The results under laboratory conditions indicate that PAA/UV have synergy in the inactivation of bacteria, but decrease virus inactivation. In addition, the pilot study demonstrates the applicability of the technology for full scale operation.

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2017

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Surface Disinfection on Non-porous Coupons using TiO2 with UV

Description

The ongoing COVID pandemic has opened the doors for the development of effective surface disinfection technologies. UV technology is one of the most effective technique to be used in combination with different photocatalytic agents such as Titanium Dioxide (TiO2) for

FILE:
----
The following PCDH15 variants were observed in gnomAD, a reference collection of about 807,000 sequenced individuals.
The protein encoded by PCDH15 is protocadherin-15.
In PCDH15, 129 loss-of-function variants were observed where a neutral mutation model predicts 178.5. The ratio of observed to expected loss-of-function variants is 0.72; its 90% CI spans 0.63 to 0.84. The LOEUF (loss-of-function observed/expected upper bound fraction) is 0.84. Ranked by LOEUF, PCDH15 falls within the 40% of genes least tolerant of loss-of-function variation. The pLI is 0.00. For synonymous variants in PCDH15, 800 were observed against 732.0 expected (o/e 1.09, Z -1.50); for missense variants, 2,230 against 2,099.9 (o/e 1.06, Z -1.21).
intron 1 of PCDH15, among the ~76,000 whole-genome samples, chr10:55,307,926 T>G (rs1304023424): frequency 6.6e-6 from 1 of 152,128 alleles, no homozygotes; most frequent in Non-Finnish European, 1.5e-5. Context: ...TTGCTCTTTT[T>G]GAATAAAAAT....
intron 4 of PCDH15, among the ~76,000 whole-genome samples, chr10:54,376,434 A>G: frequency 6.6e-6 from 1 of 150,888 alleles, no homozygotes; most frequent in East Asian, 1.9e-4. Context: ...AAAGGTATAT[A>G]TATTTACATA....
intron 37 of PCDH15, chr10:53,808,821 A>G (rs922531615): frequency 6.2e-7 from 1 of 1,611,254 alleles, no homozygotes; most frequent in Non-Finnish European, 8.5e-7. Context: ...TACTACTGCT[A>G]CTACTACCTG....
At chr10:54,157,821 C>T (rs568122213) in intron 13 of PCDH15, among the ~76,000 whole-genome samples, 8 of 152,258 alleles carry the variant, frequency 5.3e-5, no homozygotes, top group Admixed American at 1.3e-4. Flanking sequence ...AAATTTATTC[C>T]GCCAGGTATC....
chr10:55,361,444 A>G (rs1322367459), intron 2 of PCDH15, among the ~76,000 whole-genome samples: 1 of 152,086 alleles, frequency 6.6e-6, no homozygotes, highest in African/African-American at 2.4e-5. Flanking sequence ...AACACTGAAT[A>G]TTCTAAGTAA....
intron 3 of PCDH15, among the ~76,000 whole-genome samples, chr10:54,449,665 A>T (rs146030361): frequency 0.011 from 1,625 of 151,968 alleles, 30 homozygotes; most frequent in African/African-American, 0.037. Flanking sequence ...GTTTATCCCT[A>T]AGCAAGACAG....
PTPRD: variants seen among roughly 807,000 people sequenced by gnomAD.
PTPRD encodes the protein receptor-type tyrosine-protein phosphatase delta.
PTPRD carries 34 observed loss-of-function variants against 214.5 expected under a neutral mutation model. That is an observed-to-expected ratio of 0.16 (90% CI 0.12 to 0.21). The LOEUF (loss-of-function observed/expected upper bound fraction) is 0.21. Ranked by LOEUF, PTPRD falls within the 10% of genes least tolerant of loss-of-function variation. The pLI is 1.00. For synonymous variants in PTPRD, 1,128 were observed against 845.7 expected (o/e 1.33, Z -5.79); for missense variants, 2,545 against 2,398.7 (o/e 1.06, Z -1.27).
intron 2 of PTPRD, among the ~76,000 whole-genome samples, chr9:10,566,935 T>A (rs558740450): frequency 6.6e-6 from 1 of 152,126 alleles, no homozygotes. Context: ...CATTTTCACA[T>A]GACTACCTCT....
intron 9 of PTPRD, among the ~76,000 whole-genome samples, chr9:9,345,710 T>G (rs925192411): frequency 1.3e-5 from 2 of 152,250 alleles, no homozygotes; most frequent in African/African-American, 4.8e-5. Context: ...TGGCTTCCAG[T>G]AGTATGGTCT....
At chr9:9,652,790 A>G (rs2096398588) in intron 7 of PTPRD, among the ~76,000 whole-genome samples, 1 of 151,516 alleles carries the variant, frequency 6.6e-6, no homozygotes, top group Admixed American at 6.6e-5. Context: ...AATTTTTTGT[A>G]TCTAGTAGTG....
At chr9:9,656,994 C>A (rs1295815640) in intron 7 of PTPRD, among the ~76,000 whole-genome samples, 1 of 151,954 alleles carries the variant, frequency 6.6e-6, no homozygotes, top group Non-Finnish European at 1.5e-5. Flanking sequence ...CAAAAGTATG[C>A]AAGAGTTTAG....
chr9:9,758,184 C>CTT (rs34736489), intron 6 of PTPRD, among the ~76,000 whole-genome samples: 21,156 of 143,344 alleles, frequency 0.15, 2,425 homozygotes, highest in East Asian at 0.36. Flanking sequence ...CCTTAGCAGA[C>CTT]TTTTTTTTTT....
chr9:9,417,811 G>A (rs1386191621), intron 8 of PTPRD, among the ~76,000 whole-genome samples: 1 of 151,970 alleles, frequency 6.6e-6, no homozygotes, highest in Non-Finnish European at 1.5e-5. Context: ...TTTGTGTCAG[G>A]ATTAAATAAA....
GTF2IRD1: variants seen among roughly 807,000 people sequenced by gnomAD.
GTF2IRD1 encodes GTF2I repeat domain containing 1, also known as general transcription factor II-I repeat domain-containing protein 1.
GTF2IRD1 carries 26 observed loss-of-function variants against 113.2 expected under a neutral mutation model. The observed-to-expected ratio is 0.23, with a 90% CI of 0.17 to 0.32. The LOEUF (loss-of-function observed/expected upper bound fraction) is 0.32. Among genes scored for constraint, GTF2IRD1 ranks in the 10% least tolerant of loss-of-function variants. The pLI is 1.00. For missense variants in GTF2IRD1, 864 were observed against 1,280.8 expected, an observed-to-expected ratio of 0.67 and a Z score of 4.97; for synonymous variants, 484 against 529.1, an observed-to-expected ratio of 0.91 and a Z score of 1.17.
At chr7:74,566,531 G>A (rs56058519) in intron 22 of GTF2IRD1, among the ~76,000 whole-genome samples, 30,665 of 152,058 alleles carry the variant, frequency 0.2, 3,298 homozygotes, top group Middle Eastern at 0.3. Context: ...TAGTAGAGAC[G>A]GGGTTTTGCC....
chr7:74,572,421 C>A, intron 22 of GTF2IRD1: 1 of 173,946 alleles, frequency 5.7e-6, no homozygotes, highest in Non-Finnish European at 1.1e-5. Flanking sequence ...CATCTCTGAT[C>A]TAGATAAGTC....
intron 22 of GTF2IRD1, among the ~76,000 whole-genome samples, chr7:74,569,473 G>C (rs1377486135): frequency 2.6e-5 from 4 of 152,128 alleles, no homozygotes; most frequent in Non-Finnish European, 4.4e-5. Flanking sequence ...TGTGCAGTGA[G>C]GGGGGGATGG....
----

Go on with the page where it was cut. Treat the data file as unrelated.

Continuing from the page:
The ongoing COVID pandemic has opened the doors for the development of effective surface disinfection technologies. UV technology is one of the most effective technique to be used in combination with different photocatalytic agents such as Titanium Dioxide (TiO2) for microbial inactivation. There are many bacteria and viruses which have the potential to infect humans via surface-oral/inhalation pathway. Thus, it is important to evaluate the effectiveness of these techniques used to inactivate microorganisms to minimize environmental transmission. UV light directly acts on bacteria and viruses by damaging their nucleic acids and protein structures. TiO2 acts as a photocatalyst, generates hydroxyl radicals under UV, leading to enhanced inactivation efficacy. This study focuses on the impact of UVC light at 254 nm wavelength in combination with spray formulations with TiO2 for the inactivation of E. coli (exposure times of 1, 5 and 10 minutes) and bacteriophages P22 (exposure times of 5 and 10 minutes) and MS2 (exposure times of 1 and 5 minutes). This study includes tests that explored the long-lasting impact of spray formulations on non-porous surface. Minimal inactivation of ~ 0.15 log inactivation of E. coli was resulted using TiO¬2 alone but when UV was added to the procedure on average 3 log inactivation was achieved. It was noted that MS2 was found to be more susceptible to UV as compared to P22 due to its higher inactivation rate. The spray formulation homogeneity is a critical factor in consistent microbial inactivation. In addition, the UV intensity of the handheld device is an important factor for total disinfection. However, the combined spray formulation and UV technology is an effective method of surface disinfection.